New Cornwall Manor CEO prepared for changes in senior care
The newest CEO of Cornwall Manor is confident in the nonprofit retirement community's adaptability in the face of problems plaguing senior care organizations in Pennsylvania.
A saturated market, changes in health care delivery and a lack of employees are all significant problems for operators of senior care organizations. Lee Stickler, Cornwall Manor’s next president and CEO, said the key to facing them at Cornwall will be knowing where the nonprofit has succeeded and what it can learn from the greater health care landscape.
Stickler is set to replace Cornwall’s current president and CEO, Steven Hassinger, who will be leaving the senior community March 1 after 40 years. As the nonprofit’s leader, Hassinger oversaw numerous projects, including construction of a new apartment building, three neighborhoods of new homes and a new health center, as well as renovations to the nonprofit’s community center.
“Steve has done a fantastic job helping create our strategic vision and leading the community during his time here, and I am honored to follow in his footsteps,” said Stickler, who has worked for Cornwall for the past 31 years and as executive vice president since last year.
Cornwall Manor operates 185 acres on two campuses one mile apart in Cornwall, Lebanon County. It has six apartment buildings and numerous homes with a total of 550 residents, as well as various amenities to help seniors age in place.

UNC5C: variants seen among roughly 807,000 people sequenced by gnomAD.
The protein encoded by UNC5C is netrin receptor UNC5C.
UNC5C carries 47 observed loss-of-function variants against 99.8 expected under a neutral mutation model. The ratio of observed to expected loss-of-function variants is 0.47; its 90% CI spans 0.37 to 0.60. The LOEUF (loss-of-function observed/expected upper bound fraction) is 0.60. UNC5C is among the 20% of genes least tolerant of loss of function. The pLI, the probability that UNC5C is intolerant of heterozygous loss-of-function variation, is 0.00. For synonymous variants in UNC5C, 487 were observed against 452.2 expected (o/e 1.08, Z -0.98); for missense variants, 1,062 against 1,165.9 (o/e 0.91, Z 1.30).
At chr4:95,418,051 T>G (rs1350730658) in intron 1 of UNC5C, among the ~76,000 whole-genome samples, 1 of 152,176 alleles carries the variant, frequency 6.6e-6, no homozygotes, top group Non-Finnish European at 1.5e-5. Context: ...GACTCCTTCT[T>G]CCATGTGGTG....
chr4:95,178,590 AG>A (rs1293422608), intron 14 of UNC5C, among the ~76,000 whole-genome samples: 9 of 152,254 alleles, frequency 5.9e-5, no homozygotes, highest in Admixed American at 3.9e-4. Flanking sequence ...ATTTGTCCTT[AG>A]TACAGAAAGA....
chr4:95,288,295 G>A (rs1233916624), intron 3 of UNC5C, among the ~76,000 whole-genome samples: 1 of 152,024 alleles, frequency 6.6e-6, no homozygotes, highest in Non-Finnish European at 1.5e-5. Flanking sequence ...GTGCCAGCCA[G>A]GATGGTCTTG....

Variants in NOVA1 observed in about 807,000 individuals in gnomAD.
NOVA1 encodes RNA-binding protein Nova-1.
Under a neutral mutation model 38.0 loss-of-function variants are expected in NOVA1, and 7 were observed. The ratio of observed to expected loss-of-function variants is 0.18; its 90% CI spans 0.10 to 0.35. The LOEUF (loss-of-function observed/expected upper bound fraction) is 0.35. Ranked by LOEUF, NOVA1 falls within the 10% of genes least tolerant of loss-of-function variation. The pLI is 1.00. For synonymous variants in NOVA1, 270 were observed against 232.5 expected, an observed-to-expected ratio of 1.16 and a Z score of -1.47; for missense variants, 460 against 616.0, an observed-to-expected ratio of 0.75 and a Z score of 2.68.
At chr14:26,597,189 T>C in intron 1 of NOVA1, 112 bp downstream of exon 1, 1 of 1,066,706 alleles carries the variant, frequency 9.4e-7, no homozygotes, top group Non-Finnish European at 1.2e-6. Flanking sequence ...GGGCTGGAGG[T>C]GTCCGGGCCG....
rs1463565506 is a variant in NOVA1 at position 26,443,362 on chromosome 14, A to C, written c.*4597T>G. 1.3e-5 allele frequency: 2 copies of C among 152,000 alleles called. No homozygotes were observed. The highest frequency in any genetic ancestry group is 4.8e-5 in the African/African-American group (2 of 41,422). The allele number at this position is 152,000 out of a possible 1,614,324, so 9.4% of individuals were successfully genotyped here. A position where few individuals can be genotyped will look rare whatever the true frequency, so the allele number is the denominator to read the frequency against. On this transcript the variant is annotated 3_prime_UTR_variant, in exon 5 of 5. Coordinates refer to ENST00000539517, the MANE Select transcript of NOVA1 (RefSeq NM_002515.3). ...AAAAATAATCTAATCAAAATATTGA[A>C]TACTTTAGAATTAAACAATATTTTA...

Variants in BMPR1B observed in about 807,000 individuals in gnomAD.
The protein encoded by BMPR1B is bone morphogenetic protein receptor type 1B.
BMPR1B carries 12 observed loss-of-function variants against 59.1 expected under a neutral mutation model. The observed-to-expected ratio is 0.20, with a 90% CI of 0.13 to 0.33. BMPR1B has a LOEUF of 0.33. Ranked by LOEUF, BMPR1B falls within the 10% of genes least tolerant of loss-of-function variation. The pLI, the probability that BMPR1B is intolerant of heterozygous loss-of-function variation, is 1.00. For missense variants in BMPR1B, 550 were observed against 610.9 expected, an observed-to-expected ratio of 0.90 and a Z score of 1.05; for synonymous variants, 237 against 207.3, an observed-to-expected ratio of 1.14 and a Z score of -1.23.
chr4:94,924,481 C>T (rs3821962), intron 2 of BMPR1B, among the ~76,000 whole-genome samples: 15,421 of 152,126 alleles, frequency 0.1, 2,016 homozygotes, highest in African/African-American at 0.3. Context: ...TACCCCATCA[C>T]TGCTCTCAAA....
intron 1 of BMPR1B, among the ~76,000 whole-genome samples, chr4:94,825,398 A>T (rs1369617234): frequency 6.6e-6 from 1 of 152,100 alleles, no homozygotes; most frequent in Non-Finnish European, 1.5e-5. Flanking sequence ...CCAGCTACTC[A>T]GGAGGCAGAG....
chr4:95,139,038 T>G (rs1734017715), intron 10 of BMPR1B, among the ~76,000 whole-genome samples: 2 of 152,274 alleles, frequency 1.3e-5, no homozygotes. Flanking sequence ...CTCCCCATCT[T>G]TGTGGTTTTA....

The nonprofit is currently working on an additional 30 homes, with construction slated for later this year. Stickler said the senior care environment is competitive and Cornwall Manor needs to adapt to changing needs in residential senior care.
“We are seeing continual demand for independent living options, people are interested in staying in their homes as long as possible and are looking for larger units so we continually adapt to that with both our new construction and renovation,” Stickler said. “That’s driving us both in terms of how we design our new opportunities for growth and how we update existing accommodations.”
Changes in health care, such as consolidation and the shift to value-based care, could be down the road for senior living communities. Stickler said it will be important to strengthen working relationships with hospitals, insurance companies and government agencies to ensure Cornwall Manor can anticipate future changes.
“We can learn from what the hospital’s experienced in the last decade,” he said. “They’ve gone through realignments and structured these models where they take on full risk or partial risk.”
Finding employees has proven difficult for most senior organizations but Stickler said Cornwall has had low employee turnover for years. He said despite a tight labor market, the nonprofit has benefited from referrals from current employees.
“That sends a powerful message that there are folks here that have the experience and they believe that it would benefit a friend or relative to have the same experience,” he said.